This past May, Travis Air Force Base leadership recognized me as one of a number of military spouses who are faced with complications due to California's professional licensure restrictions and regulations. Just one example of the complexities the life of a military spouse can have, these complexities are magnified when the military spouse maintains a professional license. As a licensed marriage and family therapist who is married to an active duty Air Force officer with the requirement to move every 2-4 years, looking for employment can feel like a game of Tetris. Navigating my way through various licensing boards is like playing Tetris while blindfolded.
I serve Travis Air Force Base as a Military and Family Life Counselor. My mission is to provide non-medical, solution-focused, problem-solving counseling support, coaching, and education to service members and their families, ensuring the readiness of the military while helping families address unique stressors associated with the military lifestyle. The term "non-medical" refers to the Office of the Secretary of Defense removing much of the red tape that private practice and/or community mental health providers may present. Non-medical means there is no diagnosis, no formal assessment, no treatment plan, and no documentation. We get to be present with each client and support them in their time of need. Professional stressors related to challenges with billing, insurance, sliding fee scales, and everything in between have been removed. Active duty service members, their families, reserve service members, and retired military personnel have access to free counseling. When issues presented are beyond the scope of the program (mental health or substance abuse issues), counselors work with service members or family members to arrange appropriate services. We provide referrals to military social services and practical community resources.
During the course of my work, I connected with a small group of people working on behalf of military spouses. Discussing our beliefs and values, we found that we had similar perspectives on the unnecessary barriers to employment in California. I was given the opportunity to testify as a witness in both the California Senate Business, Professions, and Economic Development Committee and the California Senate Military and Veterans Affairs Committee in support of AB107. This bill seeks to amend and expand current provisions for temporary licenses for military spouses making it easier to obtain a temporary professional license when relocating to California due to spouses' military reassignment. Assembly member Rudy Salas' work on AB107 has the potential be incredibly helpful to military spouses. The military spouse does not choose to uproot their professional career every 2-4 years because it is beneficial. The military spouse chooses to uproot their professional career because of their commitment to their spouse and their spouse's commitment to our country. AB107 will prevent military spouses from losing thousands of dollars in salary and excessive time job-seeking, and will ease stressful transitions for future professionals. AB107 is now headed to the Senate Appropriations Committee for further review.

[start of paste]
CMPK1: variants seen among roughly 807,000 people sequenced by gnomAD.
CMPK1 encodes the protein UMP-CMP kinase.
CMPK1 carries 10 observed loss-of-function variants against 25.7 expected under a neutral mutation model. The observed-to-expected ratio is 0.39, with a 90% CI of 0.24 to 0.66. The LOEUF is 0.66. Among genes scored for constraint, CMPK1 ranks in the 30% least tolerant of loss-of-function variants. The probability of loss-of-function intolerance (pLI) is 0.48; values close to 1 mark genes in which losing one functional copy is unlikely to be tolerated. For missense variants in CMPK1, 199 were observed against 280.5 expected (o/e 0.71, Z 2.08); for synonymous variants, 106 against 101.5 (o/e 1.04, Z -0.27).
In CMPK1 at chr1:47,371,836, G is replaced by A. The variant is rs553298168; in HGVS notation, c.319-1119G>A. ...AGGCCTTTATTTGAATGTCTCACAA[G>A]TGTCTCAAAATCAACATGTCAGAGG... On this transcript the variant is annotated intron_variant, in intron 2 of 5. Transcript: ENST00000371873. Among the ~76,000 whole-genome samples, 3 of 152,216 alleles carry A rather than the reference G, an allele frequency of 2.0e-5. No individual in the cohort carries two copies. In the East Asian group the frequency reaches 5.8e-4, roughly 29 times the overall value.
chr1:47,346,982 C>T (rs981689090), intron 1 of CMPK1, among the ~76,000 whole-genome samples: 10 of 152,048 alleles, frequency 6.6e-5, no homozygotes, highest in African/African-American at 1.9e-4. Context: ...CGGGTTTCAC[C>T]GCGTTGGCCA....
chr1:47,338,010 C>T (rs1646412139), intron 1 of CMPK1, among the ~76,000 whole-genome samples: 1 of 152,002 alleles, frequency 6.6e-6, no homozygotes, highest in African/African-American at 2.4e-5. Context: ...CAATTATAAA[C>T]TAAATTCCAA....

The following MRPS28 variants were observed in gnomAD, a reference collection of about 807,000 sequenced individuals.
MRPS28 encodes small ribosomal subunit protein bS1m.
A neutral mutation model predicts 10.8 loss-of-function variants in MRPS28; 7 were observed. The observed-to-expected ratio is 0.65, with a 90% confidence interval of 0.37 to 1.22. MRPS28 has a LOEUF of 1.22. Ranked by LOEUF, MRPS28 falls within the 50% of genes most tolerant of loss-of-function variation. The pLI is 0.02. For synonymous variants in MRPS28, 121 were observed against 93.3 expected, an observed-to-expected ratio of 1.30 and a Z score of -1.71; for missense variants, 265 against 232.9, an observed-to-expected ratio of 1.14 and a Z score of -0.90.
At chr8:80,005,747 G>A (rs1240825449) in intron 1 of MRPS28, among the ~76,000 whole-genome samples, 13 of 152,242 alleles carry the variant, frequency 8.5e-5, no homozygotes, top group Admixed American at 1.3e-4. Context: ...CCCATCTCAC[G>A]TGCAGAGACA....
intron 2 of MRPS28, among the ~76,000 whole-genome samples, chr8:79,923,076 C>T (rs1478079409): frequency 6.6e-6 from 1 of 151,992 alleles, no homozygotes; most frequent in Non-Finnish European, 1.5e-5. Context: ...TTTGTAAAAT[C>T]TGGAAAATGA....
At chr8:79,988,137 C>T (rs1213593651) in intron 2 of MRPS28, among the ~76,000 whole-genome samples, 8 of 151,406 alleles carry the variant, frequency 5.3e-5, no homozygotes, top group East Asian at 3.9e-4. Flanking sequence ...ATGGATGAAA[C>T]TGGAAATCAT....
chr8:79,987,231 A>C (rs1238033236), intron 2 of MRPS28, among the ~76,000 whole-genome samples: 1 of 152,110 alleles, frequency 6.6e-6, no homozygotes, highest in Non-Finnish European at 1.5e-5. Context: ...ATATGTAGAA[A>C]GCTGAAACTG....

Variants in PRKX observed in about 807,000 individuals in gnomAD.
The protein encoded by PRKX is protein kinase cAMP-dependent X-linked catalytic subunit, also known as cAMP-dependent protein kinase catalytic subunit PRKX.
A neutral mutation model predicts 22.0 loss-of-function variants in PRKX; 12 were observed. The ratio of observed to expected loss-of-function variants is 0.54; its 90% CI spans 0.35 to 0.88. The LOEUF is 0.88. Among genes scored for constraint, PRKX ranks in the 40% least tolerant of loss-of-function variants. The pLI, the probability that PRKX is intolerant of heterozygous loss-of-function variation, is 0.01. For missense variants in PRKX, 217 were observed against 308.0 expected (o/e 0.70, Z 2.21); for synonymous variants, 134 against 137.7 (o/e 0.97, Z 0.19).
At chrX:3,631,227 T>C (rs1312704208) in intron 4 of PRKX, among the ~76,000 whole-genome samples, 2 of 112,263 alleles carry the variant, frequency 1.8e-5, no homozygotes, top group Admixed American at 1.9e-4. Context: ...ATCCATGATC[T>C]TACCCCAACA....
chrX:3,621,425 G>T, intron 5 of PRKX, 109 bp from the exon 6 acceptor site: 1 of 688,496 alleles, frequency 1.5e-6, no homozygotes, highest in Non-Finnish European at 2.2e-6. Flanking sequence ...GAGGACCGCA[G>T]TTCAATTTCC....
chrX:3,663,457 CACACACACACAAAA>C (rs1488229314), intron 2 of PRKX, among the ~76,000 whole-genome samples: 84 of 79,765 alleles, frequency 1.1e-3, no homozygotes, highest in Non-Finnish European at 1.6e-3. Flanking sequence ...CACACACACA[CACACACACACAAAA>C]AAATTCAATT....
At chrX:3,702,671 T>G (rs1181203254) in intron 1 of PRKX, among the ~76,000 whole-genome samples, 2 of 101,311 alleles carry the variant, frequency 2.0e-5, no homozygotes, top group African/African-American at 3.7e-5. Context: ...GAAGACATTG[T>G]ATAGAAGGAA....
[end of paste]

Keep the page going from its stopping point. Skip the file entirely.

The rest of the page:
Written by Steven Mauro, MS, LMFT